Manuel did track and field at Colorado State University and didn’t start CrossFit until she moved to Denver after college. Manuel remembers the first time she snatched 120 pounds and how heavy it felt. Now, she warms up with that weight.

Looking back at last year’s Games, the returners recalled a few favorite moments. There was the time Carter’s calf cramped up and he couldn’t keep running, so they threw him on the litter that they were supposed to carry a teammate on anyway. Then there was the swim-and-run in the Pacific.

“We’re a landlocked state, and we got fourth [place],” Manuel said.

400 meters: swim 300, run the last hundred. In pairs. Cross the finish line together, all six holding hands. Birkmeier and Schuette were the last pair to go.

Manuel saw Birkmeier come out of the water and Rich Froning pop his head out right after him.

“Birk is half dead and we’re dragging him across the finish line, trying to run as fast as we can,” she said, “and Rich Froning’s team is also half dead.”

CrossFit Omnia beat Rich Froning’s team.

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From left: Jeff Schuette, Sarah Manuel, Kelly Stone, John Carter, John Birkmeier, and Ashley Gaillot.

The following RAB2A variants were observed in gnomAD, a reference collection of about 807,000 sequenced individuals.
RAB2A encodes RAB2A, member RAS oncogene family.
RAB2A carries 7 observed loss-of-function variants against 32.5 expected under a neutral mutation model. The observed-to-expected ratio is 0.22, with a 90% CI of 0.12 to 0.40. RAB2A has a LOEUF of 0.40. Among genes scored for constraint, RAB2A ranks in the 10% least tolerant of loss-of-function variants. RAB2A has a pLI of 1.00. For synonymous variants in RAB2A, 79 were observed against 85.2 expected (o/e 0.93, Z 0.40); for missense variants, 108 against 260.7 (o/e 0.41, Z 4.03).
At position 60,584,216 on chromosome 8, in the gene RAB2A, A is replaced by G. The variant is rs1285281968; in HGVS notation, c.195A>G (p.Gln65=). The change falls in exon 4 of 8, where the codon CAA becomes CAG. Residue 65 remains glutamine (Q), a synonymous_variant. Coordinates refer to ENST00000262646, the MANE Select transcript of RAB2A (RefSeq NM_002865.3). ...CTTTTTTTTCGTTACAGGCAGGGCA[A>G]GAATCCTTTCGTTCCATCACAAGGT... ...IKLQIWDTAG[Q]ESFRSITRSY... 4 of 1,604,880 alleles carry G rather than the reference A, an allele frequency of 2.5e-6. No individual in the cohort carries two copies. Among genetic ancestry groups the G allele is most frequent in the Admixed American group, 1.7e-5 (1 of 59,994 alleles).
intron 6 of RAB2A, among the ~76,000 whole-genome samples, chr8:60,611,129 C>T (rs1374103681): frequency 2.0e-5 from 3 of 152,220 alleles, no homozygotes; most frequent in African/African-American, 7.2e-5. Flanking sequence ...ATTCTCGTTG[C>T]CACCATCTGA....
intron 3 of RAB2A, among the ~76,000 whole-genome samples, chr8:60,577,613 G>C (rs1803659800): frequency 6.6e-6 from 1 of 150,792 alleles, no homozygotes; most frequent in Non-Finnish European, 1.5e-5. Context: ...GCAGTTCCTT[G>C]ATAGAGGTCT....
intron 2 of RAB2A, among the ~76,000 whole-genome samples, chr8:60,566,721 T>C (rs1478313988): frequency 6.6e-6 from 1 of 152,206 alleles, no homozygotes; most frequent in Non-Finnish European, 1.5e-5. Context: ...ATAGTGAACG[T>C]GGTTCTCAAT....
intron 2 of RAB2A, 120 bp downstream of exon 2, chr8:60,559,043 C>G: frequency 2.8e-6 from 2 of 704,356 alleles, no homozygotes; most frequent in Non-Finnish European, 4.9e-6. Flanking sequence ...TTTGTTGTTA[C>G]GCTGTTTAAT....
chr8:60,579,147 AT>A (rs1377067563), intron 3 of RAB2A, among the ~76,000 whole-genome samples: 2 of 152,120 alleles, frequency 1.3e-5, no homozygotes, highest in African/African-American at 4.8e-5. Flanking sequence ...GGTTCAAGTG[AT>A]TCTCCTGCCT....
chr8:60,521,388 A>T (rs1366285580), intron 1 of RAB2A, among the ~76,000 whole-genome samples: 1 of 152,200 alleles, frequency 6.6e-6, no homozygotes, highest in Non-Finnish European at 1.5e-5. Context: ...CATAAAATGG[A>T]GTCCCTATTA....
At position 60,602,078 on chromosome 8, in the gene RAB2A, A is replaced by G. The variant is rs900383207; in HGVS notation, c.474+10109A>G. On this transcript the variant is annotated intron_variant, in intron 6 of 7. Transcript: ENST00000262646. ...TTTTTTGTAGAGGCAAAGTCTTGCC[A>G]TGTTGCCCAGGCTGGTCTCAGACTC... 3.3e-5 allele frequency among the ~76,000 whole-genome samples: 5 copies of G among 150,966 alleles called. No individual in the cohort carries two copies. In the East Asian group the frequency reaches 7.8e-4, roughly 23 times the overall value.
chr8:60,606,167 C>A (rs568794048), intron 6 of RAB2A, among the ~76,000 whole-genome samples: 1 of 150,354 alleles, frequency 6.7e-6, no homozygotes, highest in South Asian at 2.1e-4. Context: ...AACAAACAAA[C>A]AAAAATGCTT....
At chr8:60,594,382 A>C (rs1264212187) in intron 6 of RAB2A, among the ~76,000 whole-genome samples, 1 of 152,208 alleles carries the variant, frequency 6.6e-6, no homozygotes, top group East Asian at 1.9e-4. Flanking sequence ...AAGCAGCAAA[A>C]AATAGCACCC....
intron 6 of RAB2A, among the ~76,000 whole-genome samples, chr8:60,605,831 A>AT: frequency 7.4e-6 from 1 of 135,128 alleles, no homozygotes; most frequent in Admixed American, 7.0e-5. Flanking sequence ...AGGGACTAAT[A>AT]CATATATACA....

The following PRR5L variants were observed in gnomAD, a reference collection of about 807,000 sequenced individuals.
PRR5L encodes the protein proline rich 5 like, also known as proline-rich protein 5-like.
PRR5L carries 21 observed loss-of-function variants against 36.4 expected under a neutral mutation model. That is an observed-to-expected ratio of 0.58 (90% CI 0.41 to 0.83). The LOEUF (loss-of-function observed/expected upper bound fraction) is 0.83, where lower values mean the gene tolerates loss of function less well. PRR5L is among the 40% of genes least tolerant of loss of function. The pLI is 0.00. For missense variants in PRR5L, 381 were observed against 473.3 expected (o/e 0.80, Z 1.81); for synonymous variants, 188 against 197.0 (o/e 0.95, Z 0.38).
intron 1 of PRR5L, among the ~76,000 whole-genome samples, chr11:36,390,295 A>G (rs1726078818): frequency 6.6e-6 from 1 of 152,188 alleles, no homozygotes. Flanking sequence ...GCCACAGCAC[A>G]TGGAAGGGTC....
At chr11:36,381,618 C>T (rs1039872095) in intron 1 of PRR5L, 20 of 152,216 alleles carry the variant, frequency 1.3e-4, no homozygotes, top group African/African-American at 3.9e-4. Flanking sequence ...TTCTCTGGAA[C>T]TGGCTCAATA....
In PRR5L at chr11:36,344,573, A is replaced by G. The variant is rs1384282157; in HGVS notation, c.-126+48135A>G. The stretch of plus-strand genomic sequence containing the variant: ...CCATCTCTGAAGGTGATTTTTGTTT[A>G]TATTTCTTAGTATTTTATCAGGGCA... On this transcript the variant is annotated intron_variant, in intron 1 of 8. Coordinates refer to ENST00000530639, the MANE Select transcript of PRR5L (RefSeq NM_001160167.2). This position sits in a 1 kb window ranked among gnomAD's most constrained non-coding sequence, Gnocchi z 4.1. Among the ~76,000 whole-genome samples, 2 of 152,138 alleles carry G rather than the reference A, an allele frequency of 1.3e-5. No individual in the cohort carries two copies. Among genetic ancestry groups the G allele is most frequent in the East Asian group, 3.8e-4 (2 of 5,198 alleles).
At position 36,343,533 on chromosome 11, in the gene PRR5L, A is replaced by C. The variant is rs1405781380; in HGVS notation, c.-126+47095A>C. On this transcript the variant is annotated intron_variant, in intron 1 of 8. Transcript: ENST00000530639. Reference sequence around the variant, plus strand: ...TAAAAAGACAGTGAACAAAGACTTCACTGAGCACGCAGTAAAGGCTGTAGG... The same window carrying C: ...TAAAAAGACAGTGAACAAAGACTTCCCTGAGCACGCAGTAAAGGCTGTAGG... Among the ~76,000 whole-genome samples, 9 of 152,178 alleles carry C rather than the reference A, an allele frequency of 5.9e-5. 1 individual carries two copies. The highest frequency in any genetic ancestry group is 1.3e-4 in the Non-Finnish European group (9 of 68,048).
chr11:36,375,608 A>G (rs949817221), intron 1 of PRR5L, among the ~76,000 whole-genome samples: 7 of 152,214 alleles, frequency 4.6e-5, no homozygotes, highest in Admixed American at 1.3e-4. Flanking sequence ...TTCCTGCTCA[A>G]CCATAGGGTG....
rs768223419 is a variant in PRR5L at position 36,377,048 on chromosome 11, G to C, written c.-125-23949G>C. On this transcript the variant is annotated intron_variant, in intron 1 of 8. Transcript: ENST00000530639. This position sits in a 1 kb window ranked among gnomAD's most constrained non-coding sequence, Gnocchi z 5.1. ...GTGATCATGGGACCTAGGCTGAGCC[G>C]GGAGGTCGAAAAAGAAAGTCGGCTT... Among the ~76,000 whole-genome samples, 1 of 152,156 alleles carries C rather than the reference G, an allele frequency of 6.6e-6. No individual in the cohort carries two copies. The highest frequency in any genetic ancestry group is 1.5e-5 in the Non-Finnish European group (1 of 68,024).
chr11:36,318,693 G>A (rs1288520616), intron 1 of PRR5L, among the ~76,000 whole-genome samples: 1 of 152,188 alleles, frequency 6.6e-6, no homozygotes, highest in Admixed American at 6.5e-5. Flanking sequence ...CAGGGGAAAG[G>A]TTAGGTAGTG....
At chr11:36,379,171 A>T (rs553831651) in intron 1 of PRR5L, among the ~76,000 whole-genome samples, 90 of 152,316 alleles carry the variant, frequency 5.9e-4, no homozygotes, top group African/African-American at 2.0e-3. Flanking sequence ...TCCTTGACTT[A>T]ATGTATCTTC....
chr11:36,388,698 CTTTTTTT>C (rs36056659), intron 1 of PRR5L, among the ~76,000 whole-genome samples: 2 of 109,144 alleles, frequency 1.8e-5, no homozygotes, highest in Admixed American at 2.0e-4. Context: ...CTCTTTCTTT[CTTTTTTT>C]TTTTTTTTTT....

The 2017 Games are this week, August 3-6, in Madison, Wisconsin. The team is gearing up and ready, but they’re not exactly sure what to expect other than that, as Berkmeier said, “It’s gonna hurt.”

Regionals this year, they agree, was harder than last year. They knew they had the ability to get to the Games, but they had to dig deep and fight hard.

“CrossFit is so definite and indefinite at the same time,” Manuel said. “You can train every energy system, every movement pattern, and then you can think, ‘Okay, what kind of weird shit can they throw in this week or this year?’ And it shows up.”

“I’m looking forward to seeing how well we can stack up against other teams,” Carter said, “after being together for a year and having the experience of not being a rookie team like we were last year.”

“I think we’ll be more consistent across the board,” Schuette said. “I just think experience pays off … and we’ll just carry Kelly through.” He tossed a joking look to Stone.

In a few days, they’ll know for sure.